I was only there for a few days each time I stayed in Vilnius, but I loved it and so did my parents. There is so much more to Vilnius, but you really need to go and explore it for yourself. All I will say is that it’s the only place I’ve heard my mum say she would consider living. That’s the best recommendation my mum could ever give.
The bus and train station are across the road from each other, which is convenient. You can either get a bus to the old town or walk. I walked the first day. I wasn’t sure where I was going so, to get to the Gate of Dawn, it probably took me slightly longer. I would say it’s only about a 10-minute walk.
Getting to/from the airport by train cost us only 2.50 LTL each. You can buy the ticket when you get to the station and it’s only a 7-minute journey. Then, like Berlin Schönefeld, there’s a corridor that links the train station to the airport terminal, so you won’t get wet going from one to the other if it’s raining.
You can also get an airport shuttle bus from the bus station. Strangely, the tourist information office knew nothing about this. It’s the number 88 bus and it takes people from the airport to the old town. You can buy a ticket on board (cash only) or from anywhere that has the sign in the photograph above (bottom right).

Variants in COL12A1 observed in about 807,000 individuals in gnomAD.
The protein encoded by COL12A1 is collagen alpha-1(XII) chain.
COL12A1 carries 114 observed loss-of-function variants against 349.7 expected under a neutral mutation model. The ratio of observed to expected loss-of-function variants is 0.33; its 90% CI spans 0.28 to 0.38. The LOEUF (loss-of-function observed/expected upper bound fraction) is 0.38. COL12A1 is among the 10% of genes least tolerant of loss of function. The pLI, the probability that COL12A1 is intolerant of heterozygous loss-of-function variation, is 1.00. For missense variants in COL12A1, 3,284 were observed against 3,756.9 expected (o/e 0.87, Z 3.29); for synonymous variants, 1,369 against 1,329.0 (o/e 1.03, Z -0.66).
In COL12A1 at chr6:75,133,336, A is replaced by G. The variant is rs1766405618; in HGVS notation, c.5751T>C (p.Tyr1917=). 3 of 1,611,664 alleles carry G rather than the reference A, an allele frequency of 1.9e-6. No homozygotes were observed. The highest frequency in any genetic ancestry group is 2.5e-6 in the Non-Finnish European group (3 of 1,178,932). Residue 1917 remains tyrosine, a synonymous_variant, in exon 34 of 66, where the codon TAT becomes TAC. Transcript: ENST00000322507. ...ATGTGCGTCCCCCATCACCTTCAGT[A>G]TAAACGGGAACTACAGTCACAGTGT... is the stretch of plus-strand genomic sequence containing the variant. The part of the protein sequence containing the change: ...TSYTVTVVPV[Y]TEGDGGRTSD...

Vilnius airport might be relatively small, but it’s well-equipped with free WiFi throughout. There’s also a lounge/cafe upstairs before you go through to the gates, which has power sockets, so you can charge up electrical items and do some work while waiting for your flight.
As always, I have marked some of the places mentioned on the map below.
Have your say
Have you been to Vilnius? If so, what did you think of it? If not, would you consider visiting?